Could you be a DIY musician in today’s industry?
DIY musicians have stormed the music industry in recent years. Experts speaking to Rolling Stone estimated that self-published artists generated $643 million worldwide in 2018, stealing market share directly from record label titans.
After several decades of sitting on the fringes of the industry, DIY has seen a resurgence thanks to platforms like Bandcamp, YouTube, Spotify and Pandora, which offer musicians a way to upload and distribute their music directly to fans.
Before you quit your day job to become a full-time DIY musician, find out which musicians have found success with the method, how they’ve done it, and what you’ll need to know if you’re going to make it big.
Doing DIY right: best-in-class artists in action
The Buzzcocks were the first successful DIY pioneers. Their Spiral Scratch EP was released in 1977 on their own record label (New Hormones). They advertised it in punk zines and relied on mail orders and sales from independent retailers in London, cleverly circumventing the record industry and inspiring other successful DIY artists like The Raincoats to take the same initiative.
Contemporary musicians like FKA twigs, Tyler, the Creator and Starstorm Digital’s founder, Kai (Esprit D’Air), have since used the DIY ethic to successfully gain international exposure, award wins and critical acclaim for their music.
During the COVID-19 pandemic, Bring Me the Horizon channelled the DIY ethos to record, produce and release their single Parasite Eve. Although they aren’t a DIY band, they by-passed traditional methods and used what they had to create their new single under quarantine.
What does DIY mean in a modern music industry?
The DIY approach to music production and distribution can be effective if you take the time to cover off all the bases. Here are some key areas to consider…
Digital marketing and advertising skills
You don’t need a business degree to market your music effectively, but you do need a basic understanding of how to put your product in front of your target listener and how to pitch it in a way that’s attractive to them. You’ll need to manage advertising campaigns which hit the sites, apps and platforms your listeners are using, without wasting a penny of your budget. It’s not easy!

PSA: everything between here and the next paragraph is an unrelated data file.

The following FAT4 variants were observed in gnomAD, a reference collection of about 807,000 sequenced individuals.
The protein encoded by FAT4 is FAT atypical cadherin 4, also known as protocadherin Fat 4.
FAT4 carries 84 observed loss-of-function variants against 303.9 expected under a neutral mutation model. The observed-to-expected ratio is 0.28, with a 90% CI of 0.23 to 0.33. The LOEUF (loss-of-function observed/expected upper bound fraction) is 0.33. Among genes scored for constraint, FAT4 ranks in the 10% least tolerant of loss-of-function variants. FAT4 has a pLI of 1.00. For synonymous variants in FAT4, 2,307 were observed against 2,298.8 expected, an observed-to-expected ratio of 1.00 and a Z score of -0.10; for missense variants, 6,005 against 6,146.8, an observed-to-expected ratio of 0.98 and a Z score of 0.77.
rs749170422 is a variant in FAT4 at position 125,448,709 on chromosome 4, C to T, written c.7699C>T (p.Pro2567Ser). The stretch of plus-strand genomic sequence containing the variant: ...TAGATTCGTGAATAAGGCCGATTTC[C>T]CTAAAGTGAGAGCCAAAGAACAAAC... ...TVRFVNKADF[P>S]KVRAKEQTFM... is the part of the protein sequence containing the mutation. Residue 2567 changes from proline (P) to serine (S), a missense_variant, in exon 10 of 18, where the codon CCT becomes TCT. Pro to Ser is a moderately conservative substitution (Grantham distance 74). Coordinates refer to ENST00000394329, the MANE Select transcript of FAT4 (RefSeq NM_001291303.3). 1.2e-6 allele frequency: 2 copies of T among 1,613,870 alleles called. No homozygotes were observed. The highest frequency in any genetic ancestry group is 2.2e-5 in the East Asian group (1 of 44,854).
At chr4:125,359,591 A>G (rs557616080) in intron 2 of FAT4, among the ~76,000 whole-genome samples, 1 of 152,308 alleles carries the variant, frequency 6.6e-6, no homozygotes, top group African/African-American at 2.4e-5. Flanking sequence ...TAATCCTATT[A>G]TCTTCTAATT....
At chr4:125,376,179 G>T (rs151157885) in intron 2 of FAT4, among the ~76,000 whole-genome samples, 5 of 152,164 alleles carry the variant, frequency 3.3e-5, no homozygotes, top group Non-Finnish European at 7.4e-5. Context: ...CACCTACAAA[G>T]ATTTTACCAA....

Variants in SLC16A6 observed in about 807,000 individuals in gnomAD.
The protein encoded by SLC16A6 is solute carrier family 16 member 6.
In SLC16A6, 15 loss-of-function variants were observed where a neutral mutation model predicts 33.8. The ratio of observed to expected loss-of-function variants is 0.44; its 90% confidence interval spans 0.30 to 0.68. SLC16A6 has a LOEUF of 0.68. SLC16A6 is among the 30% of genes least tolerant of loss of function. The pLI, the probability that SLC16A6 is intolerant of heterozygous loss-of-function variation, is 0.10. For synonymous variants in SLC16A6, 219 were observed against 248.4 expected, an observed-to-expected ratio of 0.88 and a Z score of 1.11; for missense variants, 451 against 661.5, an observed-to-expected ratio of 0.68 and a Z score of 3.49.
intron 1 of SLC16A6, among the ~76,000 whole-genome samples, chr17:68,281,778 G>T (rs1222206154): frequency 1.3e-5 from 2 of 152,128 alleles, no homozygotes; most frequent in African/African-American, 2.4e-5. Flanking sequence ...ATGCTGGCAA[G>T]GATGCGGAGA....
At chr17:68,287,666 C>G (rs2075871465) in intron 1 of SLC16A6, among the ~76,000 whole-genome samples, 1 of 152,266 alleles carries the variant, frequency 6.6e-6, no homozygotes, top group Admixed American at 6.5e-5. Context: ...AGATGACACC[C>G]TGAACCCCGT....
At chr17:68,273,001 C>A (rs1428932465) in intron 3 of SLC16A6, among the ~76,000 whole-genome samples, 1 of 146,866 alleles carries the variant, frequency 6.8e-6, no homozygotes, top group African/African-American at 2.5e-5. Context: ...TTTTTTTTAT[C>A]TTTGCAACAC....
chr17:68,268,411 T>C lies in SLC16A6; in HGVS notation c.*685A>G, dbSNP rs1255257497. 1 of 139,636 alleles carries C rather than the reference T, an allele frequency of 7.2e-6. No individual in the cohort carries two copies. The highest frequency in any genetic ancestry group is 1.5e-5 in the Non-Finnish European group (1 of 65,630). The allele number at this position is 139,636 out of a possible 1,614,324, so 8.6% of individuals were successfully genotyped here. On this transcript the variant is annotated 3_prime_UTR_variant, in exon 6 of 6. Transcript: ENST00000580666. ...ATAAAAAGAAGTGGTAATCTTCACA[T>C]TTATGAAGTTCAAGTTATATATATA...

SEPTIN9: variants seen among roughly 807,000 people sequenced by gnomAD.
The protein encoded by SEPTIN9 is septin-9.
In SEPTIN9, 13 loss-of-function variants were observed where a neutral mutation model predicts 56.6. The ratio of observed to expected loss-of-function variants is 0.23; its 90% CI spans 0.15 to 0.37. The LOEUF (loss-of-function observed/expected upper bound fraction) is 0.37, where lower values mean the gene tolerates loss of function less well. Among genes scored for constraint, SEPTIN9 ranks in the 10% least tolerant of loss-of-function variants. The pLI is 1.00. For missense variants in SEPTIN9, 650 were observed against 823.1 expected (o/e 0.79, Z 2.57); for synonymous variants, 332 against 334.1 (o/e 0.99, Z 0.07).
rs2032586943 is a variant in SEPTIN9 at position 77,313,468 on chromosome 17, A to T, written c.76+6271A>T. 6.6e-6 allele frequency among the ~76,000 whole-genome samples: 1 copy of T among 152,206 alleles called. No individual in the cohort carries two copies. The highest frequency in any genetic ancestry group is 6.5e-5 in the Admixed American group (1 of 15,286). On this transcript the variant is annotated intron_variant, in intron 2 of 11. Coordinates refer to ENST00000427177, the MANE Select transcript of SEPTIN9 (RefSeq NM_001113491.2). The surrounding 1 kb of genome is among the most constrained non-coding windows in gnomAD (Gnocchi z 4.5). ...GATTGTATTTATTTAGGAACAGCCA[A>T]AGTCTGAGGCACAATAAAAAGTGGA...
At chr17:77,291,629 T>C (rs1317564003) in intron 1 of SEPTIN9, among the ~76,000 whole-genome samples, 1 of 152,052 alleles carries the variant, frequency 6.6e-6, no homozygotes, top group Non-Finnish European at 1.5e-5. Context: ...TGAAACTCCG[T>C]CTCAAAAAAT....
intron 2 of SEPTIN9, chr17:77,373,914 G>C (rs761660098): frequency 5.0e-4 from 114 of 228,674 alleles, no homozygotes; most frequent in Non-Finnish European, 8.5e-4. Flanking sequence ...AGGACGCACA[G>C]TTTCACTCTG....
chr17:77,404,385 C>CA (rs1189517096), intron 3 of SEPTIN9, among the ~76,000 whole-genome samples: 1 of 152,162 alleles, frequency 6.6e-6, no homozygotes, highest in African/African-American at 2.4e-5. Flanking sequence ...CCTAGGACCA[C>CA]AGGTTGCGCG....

If you’re serious about learning marketing yourself, you can take industry-specific courses on websites like Skillshare to make sure you’re maximising every touchpoint and every sales opportunity.
Social media management
Social media management is important for PR and promotion, as well as connecting with your fanbase…but only if you do it properly. Many bands make the mistake of only using social media when they have something to promote, but true engagement starts when you blend promotional posts with personal content and fan engagement.
You should also pay close attention to artists who have gained traction with Twitch, TikTok, YouTube and Vevo — is yours the kind of audience who might respond well to this? If so, how would you approach it?
Professional website, email address and merch store
In the modern DIY scene, digital presence is everything. Although your social media accounts and streaming platforms are the most high-traffic sites in this instance, your website is still important — it acts as a booking funnel and a storefront for your merch.
If you can’t afford to put money down for a professional website, you should seriously consider using an easy website builder. A custom domain name, professional photography, business email address and a secure payment gateway are all non-negotiables. Don’t forget to optimise your website before you launch it, so you can maximise the number of visitors it gets (and get more people listening in the process!).
Using LinkedIn to build professional relationships
When you choose to go it alone, LinkedIn can become one of your greatest tools. You never know when you may need to call in a favour or find a trusted expert! A savvy DIY musician will connect with professionals in all industries and knows when to leverage their contacts to achieve their goals. Don’t be shy about sending a connection request!
Copywriter, blogger, author and general menace.